This forum has been closed.
Comments
     
There are no comments in this forum. Be first and add one

Featured Videos

Your JavaScript is turned off or you have an old version of Adobe's Flash Player. Get the latest Flash player.
US: Response to Sony Hack Will Be Proportionali
X
Aru Pande
December 19, 2014 1:45 AM
The White House says President Barack Obama considers the cyberattack on Sony Corp. a serious national security matter and that the U.S. will counter with an "appropriate response." VOA correspondent Aru Pande reports.
Video

Video US: Response to Sony Hack Will Be Proportional

The White House says President Barack Obama considers the cyberattack on Sony Corp. a serious national security matter and that the U.S. will counter with an "appropriate response." VOA correspondent Aru Pande reports.
Video

Video Sudan School Becomes Target of Aerial Attacks

The school dropout rate is at an all-time high in Sudan's South Kordofan state because many schools have been destroyed during the three-year civil war between the government and SPLA-N rebel forces. Adam Bailes visited Sudan's Nuba Mountains' region and reports many children are simply too scared to go to school
Video

Video Nigerians Fleeing Boko Haram Languish in Camp Near Capital

In its five-year effort to impose Islamic law in northeastern Nigeria, the Boko Haram extremist group has killed thousands of people and forced hundreds of thousands to flee. Some of those who ran for their lives now live in squalor on the edges of the capital, Abuja. Chris Stein reports for VOA.
Video

Video Putin Says Russian Economy Will Emerge Stronger

Russian President Vladimir Putin has said his country's sinking economy will not only recover but also become stronger, despite falling oil prices and Western sanctions over Ukraine. VOA's Daniel Schearf reports.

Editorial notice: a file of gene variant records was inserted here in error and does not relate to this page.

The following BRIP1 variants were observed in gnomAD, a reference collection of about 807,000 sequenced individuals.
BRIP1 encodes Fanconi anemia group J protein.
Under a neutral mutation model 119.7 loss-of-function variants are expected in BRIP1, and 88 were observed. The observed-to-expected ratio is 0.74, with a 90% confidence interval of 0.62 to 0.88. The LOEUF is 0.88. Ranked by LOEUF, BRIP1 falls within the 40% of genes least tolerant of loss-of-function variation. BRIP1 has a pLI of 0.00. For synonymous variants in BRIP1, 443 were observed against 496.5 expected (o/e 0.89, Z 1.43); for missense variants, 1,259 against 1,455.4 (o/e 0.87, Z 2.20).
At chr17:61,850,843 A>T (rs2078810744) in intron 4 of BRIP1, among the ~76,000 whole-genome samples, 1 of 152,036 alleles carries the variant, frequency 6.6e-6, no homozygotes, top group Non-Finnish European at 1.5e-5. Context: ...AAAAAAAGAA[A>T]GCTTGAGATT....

Video

Video Detained Turkish Journalists Follow Teachings of US-Based Preacher

The Turkish government’s jailing of critical journalists has sparked international condemnation and is being seen as an effort to undermine the followers of an ailing Turkish preacher based in the United States. VOA religion reporter Jerome Socolovsky has more.
Video

Video ‘Anti-Islamization’ Marches Increase Tensions In Germany

Anti-immigrant rallies in Germany have been building in recent weeks, peaking Monday night in the city of Dresden where tens of thousands of people turned out to demonstrate against what they call the ‘Islamization’ of the West. Germany has offered asylum to more Syrian refugees than any other country, and this appears to have set off the protests. Henry Ridgwell reports from London.
Video

Video Aceh Rebuilt Decade After Tsunami, But Scars Remain

On December 26, 2004 there was an earthquake in the Indian Ocean so powerful it caused the Earth’s axis to wobble a few centimeters. Onshore on the island of Sumatra, the resulting tsunami was devastating. A decade later, VOA Correspondent Steve Herman reports from Banda Aceh, Indonesia, where although there is little remaining evidence of the physical devastation, the psychological scars among survivors remain.
Video

Video Refugees Living in Kenya Long for Peace in the Home Countries

Kenya is host to numerous refugees seeking safe haven from conflict. Immigrants from Somalia face challenges in their new lives in Kenya. Ahead of International Migrants Day (December 18) Lenny Ruvaga has more for VOA News from the Kenyan capital.

All About America

AppleAndroid